Third, even if you want to ignore the marginal notes, the text itself is laid out nicely and readably so you can just scan the main text, only glancing at the margins if you really are curious.

Granted: I have been an academic for years. So I didn’t trust myself to judge clarity. I therefore trotted myself over to my local book shop to gloat– sorry, to lend the book shop people this book (I may also have gloated a bit, sorry, it’s a really special book and I was just so glad to have it!) and see what they thought.

The report was exactly as I thought: it is a smart book, yes, but it’s also transparent. It’s usable on many levels. You can flip through to find your favourite scenes and see how they evolved, or you can read from the beginning and meticulously follow the careful scholarly work that’s gone into it.

I highly recommend it as a gift for any lover of Anne. It does have a more “grown up” feel to it, as the presentation is distinctly suitable for a nice mahogany book shelf, but I think it’s understandable by any smart reader of Anne’s life (think how Anne herself would feel knowing she was in such a “grown up” book– and now think about a smart 12-year-old getting a lovely book like this!). It would be a great companion to House of Dreamsor is a lovely gift on its own.

So here’s that link again: but note that online it says it’s coming out in the USA on January 28.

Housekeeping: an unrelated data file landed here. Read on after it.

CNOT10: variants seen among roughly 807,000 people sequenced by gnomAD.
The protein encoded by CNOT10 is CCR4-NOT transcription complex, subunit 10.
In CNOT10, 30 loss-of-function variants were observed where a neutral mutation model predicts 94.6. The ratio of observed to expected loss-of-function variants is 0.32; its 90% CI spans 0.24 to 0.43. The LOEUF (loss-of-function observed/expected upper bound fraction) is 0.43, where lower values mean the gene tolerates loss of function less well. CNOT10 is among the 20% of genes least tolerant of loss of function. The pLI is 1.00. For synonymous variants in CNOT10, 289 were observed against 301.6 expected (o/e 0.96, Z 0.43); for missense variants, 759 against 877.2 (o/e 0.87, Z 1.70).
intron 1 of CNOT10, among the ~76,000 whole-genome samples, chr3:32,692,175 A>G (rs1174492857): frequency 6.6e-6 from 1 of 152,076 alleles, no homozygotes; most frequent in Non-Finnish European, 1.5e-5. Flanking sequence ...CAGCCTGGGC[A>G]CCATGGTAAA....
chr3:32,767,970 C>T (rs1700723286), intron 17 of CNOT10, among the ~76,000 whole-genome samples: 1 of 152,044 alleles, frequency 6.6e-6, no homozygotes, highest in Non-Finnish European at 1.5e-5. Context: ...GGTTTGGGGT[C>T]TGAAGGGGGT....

Welcome, Wombat Giveaway Update

Hi, folks! Good news: I just got back from the Harvard Book Store where I picked this little gem up!

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That, right there, is the shiny new copy of Welcome, Wombat which I’ll be mailing to one of you, whoever wins it in the giveaway.

What giveaway, you ask? To those who don’t know what I’m talking about, go to this post for details or read on for an abbreviated version:

Donate $20 or more to WIRES in support of the wildlife endangered by the fires in Australia. Pat yourselves on the back for having done something really good. Email me at deborah@childrensbookroom.com with your donation information, and tell me whether you want to be entered for the book or a wombat-themed t-shirt (or, you know, maybe you’re happy with either one!).